The one you want is right here:
|Denise Cronin, Art Director and VP at Viking Children's Books|
Actually, correction: She was warm and friendly to everyone except Cecilia Jung, her counterpart at Penguin, whom she tried to kick out of the room. But Cecilia hung around, and Denise didn't actually seem to mind, so what for a moment seemed like a death match between two famous art directors ended with a shrug.
Denise told us about Viking's deep history in publishing, where only six different people have run the company over a 78-year span. Their backlist is huge: including classic titles such as FERDINAND, CORDUROY, PIPPI LONGSTOCKING, and modern classics such as THE STINKY CHEESE MAN.
And here's what you need to show if you want your work to stand out:
Attitude. Does something have a kick to it? Let’s see a little attitude.
Drawing skills. Has the artist done his homework? Does he really understand what he's drawing?
How does somebody use color? Do they know how to use it to separate foreground from background?
Can the artist show her the ability to expand a narrative, not just echo the text. (Can she a substory with illustrations?)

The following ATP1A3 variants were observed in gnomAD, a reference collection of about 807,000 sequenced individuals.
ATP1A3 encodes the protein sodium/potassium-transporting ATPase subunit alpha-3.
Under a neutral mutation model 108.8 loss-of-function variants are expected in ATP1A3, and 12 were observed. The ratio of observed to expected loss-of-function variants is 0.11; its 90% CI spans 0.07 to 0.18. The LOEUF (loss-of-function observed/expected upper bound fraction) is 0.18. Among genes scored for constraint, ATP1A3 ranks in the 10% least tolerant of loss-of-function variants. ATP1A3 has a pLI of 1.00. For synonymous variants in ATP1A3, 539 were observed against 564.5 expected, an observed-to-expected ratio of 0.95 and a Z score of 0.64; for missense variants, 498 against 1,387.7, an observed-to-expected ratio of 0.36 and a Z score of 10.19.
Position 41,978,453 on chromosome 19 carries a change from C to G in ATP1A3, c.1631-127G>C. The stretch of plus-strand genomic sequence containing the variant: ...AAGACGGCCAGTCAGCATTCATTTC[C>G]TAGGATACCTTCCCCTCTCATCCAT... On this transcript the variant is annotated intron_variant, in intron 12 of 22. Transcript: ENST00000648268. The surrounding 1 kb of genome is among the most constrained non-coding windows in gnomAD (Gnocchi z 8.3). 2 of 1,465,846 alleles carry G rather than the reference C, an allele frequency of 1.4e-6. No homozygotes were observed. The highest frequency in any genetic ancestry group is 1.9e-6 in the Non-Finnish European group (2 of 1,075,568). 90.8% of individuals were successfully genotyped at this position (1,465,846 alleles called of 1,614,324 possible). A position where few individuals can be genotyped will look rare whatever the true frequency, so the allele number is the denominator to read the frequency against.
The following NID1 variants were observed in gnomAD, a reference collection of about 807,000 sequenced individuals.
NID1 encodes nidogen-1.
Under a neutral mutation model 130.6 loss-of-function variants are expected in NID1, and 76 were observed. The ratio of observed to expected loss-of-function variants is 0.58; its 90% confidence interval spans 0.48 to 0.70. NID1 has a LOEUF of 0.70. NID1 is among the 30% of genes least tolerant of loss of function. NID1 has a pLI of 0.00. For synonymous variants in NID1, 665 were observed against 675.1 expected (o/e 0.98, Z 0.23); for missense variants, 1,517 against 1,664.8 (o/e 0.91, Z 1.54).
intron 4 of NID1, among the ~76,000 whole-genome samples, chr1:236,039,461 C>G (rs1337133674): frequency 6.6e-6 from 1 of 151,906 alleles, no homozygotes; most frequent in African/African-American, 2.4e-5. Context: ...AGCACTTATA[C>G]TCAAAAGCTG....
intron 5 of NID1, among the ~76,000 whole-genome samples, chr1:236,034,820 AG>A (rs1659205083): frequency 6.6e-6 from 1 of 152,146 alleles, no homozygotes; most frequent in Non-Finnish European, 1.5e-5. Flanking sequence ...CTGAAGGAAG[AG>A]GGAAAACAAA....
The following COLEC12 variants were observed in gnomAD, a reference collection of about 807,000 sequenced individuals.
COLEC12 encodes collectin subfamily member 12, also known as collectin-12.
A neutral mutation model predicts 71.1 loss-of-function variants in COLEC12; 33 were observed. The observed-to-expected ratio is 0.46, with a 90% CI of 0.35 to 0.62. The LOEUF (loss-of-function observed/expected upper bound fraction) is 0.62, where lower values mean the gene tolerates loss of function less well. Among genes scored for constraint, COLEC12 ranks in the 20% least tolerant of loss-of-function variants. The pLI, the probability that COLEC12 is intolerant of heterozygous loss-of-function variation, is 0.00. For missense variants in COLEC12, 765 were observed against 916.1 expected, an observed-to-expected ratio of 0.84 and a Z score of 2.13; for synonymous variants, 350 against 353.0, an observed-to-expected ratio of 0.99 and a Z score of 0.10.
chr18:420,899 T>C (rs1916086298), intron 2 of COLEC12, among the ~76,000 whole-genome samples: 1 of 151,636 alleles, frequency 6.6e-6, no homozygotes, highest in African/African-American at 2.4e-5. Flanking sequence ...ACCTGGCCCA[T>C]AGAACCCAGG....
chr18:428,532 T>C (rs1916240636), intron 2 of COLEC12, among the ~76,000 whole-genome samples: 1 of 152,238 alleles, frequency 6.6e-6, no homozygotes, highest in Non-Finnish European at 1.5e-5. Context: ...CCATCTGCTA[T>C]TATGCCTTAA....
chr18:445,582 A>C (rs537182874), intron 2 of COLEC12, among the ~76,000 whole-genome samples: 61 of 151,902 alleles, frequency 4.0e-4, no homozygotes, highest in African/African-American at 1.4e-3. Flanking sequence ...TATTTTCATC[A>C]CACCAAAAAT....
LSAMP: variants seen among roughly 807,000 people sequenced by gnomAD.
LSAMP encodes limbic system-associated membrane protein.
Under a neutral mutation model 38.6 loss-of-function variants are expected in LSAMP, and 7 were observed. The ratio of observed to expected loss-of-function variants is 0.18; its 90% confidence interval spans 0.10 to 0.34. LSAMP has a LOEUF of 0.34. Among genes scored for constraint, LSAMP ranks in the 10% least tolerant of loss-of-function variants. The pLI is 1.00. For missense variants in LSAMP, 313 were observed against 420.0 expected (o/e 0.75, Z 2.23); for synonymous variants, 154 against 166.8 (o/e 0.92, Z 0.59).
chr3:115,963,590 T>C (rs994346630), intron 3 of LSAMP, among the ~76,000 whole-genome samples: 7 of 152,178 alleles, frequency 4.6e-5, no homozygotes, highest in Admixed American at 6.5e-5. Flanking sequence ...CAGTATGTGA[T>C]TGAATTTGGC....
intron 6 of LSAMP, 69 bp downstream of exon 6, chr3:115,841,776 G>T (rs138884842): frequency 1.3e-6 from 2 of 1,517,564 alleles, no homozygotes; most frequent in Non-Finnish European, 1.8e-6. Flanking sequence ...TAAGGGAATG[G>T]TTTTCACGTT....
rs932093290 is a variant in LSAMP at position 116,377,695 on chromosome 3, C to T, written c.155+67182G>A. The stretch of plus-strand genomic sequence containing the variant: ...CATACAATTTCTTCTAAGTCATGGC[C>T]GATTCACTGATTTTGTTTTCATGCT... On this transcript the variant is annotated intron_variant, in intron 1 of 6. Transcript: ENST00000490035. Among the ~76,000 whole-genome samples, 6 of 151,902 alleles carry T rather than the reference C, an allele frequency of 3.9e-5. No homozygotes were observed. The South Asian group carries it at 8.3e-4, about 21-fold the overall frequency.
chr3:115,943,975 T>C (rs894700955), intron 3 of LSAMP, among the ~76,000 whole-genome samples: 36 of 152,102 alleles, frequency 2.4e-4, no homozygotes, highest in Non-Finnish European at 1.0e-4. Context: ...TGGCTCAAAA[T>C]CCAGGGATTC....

Perspective and scale: Are they always showing something head on in the same scale? You need to vary those things, but it needs to make sense in terms of the story.
Is rendered in an innovative way (making her want to take a second look at an ordinary thing)?
You want your work to get noticed, so don't send it in a plain envelope. Illustrate it, or send her a glassine one so she can have a hint of what's inside. At the least, write SCBWI on it.
Finally, here was her best line:
Audience member: My question is about money.
Denise: We work in publishing. There is no money.